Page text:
"I would like to remind you that the fact that you [meaning all of us] see the world picture as one of outstanding chaos, of striving ideologies and warring forces, of the persecution of minorities, of hatreds which are working out into. . .war, and of world anxiety and terror does not really mean that you are seeing the picture as it is in reality. You are seeing what is superficial, temporal, ephemeral and entirely concerned with the form aspect. [We, however, are] primarily concerned with the consciousness aspect and with the unfoldment of awareness, using form as a means only for the accomplishment of [Our] designs. A closer study of the forces which are producing the outer turmoil may serve to clarify your vision and restore confidence to [My] plan and its divine love and loveliness."He reminds us that peace will be upon us when love and sharing prevail and is the result of right human relations, otherwise called love in action, rather than wishful thinking:
"The hope of the world lies in the development of good will--not peace as the word is usually interpreted, to mean merely an enforced freedom from war, and an expediently enforced pacifism, but the cultivation of a spirit of good will, intelligently applied, and worked out with purpose into the fabric of the individual and national life."That got me to thinking: the fact that peace is a by-product of right human relations expressed as sharing and love in action rather than the origin of them is certainly a new thought worth pondering. Accepting that definition would necessarily give the word peacemaker a new meaning as well as shed light on the place of freedom fighters in the scheme of things. It might include Bill and Melinda Gates, discussed in this blog a few days back, who are revolutionizing the world of giving.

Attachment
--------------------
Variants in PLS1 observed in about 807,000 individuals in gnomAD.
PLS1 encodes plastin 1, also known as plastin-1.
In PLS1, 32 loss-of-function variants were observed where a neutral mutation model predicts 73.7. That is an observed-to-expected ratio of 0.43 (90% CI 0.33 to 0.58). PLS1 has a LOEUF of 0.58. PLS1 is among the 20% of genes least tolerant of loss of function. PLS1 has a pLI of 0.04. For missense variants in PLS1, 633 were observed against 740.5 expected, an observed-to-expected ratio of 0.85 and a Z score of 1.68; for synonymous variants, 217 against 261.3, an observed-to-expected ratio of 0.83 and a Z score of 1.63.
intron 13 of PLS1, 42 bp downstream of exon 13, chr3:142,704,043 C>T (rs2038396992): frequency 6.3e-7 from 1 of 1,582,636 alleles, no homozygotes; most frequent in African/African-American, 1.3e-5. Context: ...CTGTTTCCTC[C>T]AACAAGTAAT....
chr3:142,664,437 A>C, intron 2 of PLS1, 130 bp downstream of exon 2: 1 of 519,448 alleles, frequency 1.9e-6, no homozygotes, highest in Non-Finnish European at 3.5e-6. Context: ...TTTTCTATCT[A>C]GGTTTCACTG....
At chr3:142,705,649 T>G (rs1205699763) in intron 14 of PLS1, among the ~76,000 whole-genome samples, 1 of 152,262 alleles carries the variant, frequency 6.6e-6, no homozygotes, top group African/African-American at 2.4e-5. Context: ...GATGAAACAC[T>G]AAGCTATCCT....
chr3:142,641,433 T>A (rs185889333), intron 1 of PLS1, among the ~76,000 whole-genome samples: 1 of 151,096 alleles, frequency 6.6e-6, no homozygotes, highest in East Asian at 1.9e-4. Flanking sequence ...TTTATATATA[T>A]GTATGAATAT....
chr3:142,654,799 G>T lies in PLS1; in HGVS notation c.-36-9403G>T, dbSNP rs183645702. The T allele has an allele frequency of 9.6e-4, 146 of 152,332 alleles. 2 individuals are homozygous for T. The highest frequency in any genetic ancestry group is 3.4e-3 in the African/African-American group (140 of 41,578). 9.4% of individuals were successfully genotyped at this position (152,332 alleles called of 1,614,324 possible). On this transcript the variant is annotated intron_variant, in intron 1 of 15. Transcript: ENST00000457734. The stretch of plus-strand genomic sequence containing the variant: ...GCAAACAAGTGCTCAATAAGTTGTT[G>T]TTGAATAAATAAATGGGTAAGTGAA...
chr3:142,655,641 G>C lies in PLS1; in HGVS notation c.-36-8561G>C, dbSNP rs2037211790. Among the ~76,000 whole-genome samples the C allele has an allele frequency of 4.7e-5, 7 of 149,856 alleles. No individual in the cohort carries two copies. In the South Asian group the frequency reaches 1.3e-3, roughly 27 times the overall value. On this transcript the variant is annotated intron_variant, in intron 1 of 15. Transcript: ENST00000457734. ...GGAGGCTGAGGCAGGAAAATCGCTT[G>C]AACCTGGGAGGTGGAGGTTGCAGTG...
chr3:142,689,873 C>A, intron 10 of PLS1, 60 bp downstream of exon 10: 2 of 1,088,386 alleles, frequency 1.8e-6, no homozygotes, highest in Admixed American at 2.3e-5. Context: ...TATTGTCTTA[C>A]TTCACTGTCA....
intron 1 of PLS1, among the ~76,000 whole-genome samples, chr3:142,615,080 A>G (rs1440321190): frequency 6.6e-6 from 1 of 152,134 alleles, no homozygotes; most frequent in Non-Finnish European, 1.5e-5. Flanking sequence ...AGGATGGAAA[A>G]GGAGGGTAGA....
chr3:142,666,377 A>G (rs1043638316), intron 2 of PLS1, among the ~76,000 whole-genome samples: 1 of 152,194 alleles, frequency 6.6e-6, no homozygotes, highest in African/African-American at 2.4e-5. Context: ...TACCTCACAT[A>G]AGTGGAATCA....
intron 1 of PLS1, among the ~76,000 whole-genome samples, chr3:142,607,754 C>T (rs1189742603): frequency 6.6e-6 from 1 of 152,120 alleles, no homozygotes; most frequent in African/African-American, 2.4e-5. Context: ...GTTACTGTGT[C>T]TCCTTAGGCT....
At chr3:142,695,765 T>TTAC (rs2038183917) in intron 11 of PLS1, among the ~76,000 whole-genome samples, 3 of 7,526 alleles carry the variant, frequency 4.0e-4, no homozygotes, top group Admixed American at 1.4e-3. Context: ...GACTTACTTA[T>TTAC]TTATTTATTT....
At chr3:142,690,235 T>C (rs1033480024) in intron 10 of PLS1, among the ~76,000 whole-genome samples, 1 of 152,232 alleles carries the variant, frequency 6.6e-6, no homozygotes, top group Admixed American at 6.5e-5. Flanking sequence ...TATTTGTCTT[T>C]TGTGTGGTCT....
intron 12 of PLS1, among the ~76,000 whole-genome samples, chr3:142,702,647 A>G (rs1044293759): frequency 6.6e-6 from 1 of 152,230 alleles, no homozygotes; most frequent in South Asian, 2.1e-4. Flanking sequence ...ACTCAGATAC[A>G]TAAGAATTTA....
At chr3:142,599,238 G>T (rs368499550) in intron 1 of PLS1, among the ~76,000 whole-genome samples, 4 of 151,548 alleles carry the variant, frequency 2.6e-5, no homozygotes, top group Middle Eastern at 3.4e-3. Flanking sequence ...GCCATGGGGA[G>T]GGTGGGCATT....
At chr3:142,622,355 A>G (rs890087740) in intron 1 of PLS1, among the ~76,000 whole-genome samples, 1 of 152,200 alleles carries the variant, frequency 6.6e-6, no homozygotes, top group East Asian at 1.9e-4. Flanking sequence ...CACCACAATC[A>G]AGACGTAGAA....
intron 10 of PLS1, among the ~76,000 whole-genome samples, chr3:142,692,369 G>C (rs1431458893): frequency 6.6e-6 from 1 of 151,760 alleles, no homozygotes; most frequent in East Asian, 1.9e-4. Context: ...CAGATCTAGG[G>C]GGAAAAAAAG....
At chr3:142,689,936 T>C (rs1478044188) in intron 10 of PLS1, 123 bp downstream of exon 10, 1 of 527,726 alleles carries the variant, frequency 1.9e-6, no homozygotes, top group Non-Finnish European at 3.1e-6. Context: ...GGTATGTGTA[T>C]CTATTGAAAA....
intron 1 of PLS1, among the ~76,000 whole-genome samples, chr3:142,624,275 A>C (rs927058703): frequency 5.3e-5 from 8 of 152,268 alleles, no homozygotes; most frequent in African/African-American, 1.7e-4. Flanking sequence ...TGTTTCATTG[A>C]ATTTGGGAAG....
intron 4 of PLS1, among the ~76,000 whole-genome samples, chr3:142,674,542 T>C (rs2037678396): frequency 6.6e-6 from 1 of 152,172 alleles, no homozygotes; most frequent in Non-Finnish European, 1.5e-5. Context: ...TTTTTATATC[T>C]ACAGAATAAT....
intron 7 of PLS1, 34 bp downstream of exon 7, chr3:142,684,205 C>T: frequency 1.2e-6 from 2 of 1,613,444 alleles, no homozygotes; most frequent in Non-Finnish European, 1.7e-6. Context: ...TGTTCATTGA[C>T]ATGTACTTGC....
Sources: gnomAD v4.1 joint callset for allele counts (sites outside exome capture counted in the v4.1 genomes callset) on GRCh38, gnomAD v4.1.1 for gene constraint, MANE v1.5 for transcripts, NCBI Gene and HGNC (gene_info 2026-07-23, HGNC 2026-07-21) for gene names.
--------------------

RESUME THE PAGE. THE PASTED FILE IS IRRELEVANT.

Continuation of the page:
Or Martin Luther King who died for his peacemaking convictions. Or Al Gore, for bringing the ideas of a suffering planet to the masses. Or the scores of scientists trying to find methods of creating water in the desert for poverty stricken farmers. Peacemakers it would appear are now working in all nations and in all areas of human endeavor--not only in the political and religious areas as previously conjectured, but also in finance, art, science, and business.
So while marching on a street corner every Friday for peace might make a person feel warm and fuzzy inside, it might not be adding much to the right-human-relation quota required to change the world. An industrious businessman figuring out a way to get computers to Africa or an ingenious scientist calculating a way to capture the sun's energy might have a better claim. At least its worth pondering, if for no other reason than CEO God took the time to send it.
Of note: The first quote is from Destiny of the Nations, A. A. Bailey, pp. 11 - 12, while the second quote is from Esoteric Psychology II, A. A. Bailey, p. 733.
Weather Report Today: 30 degrees and snowing, bigger flakes than yesterday. Overcast obviously.